The generation that won American independence lives in the ideas we honor, the architecture we preserve and the battlefields we yet can save.”

~     ~     ~

"Some kid a hundred years from now is going to get interested in the Civil War and want to see these places. He's going to go down there and be standing in a parking lot. 
I'm fighting for that kid." 
- Brian Pohanka, 1990

          ~     ~     ~

Recreating a scene from colonial times.
Yeah...we were there...
A few years back I jumped over a 90 year wide river - yes, I said 90 year wide - from the 1860s to the 1770s. One of the things that was said to me at my first colonial event when I mentioned I also do Civil War was, "You guys in Civil War want to be there. You like to feel as if you've actually time-traveled.
We who do Rev War prefer to teach."
Well, this person was half right. Yes, it's true that we who reenact the Civil War do strive to be there, but we mostly do it in a teachable manner. I can't imagine reenacting any other way. I do want to experience what our forefathers did, at least, to a small extent. That's why I thoroughly enjoy the opportunity of utilizing a historical house, when possible, and attempt to immerse myself through 1st person.
I have also found, by the way, that there are a number of Rev War reenactors who also want to be there. And that's pretty cool.

~     ~     ~

"The Revolution and the beliefs and ideals that came out of it are what hold us together and make us a united people. There is no American ethnicity, so the Revolutionary beliefs in liberty and equality and constitutionalism are the adhesives that make us a nation." 
- Gordon S. Wood

~     ~     ~

Why does my Patriotism
bother some folks so much?
Not that it matters to me...
Patriotism seems to be at an impasse in our day and age; we have come to a point to where if you wave the flag and love your country, you will be pigeon-holed into a political category.
And I don't understand this thought. I mean, the American flag does not belong to any one political party, no matter what anyone says or thinks. It belongs to all Americans. Yes, it belongs to you who protests the President. Yes, and it belongs to you who voted for the President.
And it also belongs to the citizens who didn't vote at all.
And if you won't fly it because you are afraid that you will be thought of as belonging to a certain political party, then shame on you.
I have flown my American flags since moving out of my parent's home way back in the 1980s. My dad flew one while Ford was in office. Then Carter. I carried on the tradition when I moved out during the Reagan years, and then continuing on with Bush 1, Clinton, Bush 2, Obama, and now Trump.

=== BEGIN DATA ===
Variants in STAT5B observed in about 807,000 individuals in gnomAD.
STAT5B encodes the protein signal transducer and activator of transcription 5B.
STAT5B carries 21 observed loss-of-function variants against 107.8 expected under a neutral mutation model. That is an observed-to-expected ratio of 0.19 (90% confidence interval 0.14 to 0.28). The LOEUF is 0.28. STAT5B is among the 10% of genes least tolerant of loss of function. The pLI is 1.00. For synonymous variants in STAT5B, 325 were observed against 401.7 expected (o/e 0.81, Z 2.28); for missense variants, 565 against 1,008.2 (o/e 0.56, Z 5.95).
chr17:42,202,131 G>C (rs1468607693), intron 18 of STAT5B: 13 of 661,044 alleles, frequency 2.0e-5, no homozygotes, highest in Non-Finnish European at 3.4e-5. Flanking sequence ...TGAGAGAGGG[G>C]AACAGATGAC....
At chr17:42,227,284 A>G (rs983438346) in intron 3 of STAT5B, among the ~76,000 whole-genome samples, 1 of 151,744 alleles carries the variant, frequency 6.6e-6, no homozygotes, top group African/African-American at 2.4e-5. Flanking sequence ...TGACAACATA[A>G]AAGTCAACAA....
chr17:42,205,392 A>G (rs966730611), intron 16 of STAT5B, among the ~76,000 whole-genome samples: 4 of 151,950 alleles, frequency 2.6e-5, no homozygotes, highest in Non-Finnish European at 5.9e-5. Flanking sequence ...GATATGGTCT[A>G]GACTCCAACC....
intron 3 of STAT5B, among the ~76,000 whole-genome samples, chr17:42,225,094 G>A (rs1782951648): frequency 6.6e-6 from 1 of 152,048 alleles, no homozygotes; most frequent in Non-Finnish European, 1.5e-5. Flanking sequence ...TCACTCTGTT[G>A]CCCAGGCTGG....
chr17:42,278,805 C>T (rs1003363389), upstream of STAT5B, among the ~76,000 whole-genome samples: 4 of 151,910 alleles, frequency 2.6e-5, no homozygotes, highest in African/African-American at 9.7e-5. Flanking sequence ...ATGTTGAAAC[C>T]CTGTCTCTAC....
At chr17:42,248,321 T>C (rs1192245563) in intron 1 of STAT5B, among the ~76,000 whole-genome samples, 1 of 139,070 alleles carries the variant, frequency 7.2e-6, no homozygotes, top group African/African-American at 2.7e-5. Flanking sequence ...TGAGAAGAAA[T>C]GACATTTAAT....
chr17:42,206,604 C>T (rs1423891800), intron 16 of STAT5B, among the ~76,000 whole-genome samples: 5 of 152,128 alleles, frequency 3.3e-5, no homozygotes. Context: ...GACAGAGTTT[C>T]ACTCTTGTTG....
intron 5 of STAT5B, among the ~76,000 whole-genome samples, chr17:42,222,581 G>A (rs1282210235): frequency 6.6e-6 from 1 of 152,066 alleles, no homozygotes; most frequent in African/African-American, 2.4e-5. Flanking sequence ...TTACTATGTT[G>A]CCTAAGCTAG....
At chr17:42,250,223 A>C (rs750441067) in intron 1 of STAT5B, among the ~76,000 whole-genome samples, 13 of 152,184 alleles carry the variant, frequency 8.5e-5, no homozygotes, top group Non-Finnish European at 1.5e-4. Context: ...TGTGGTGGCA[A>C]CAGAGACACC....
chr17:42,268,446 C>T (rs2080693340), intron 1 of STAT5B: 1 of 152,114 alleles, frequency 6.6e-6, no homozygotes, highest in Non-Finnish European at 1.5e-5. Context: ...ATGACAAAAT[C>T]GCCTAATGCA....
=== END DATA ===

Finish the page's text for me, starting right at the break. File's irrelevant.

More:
Believe me when I say that there are plenty of things I disagree with on each president mentioned here.
But, still, I fly my flag.
I am not ashamed of being a patriotic American, for my patriotism doesn't stem from whoever is president.
And I do love my country - past and present.
Oh, I don't always agree - and many things happened in our history that I abhor.
But it doesn't take away the fact that I love this, the United States of America.
Yes I do.
And if that bothers you, that's your problem.
Thanks...I just needed to get that off my chest.

~     ~     ~

I was recently told that Paul Revere was a failure during his midnight ride.
"A failure?" I asked. "How?"
"Because," came the reply, "he failed to make it to Concord to warn the citizens that the Regulars were coming to steal their ammunition."
I responded, "Do you realize that he helped develop the entire plan? And do you understand that warning the people of Concord wasn't necessarily his main goal?"
Hancock-Clarke House - 
Where John Hancock and Samuel Adams
were staying the night of April 18, 1775.
(photo courtesy of Wikipedia)
I went on to explain that "on the night of April 18, 1775, Dr. Joseph Warren, who was the last major patriot leader left in Boston (and a personal friend of Paul Revere’s), informed Revere that he had just received intelligence from his own spy network that the troops, while on the road to Concord to capture or destroy military stores that had been gathered there, planned to stop in Lexington and arrest Samuel Adams and John Hancock, the patriot leaders who were staying in a house owned by one of Hancock’s relatives. So Dr. Warren “begged” Revere to stop in Lexington and warn Adams and Hancock to get out of the way of the British troops."
Well, as it turned out, this intelligence was inaccurate, though that wasn't known at the time.
As historian David Hackett Fischer wrote:
"Paul Revere's primary mission was not to alarm the countryside. His specific purpose was to warn Samuel Adams and John Hancock, who were thought to be the object of the expedition. Concord and its military stores were also mentioned to Revere, but only in a secondary way." 
So there you have it.
As far as Revere not making it to Concord, he was stopped and captured by a British scouting regiment: "In an instant I saw four of them, who rode up to me with their pistols in their bands, said ''G---d d---n you, stop. If you go an inch further, you are a dead man.'' Immediately Mr. Prescot came up. We attempted to get through them, but they kept before us, and swore if we did not turn in to that pasture, they would blow our brains out."
Yep - I woulda stopped, too.
So he was no failure - he did exactly as he set out to do.
And this, by the way, is why we, as historians, must continue our research in all aspects, and not just take what some people (or Facebook memes) say as truth or fact.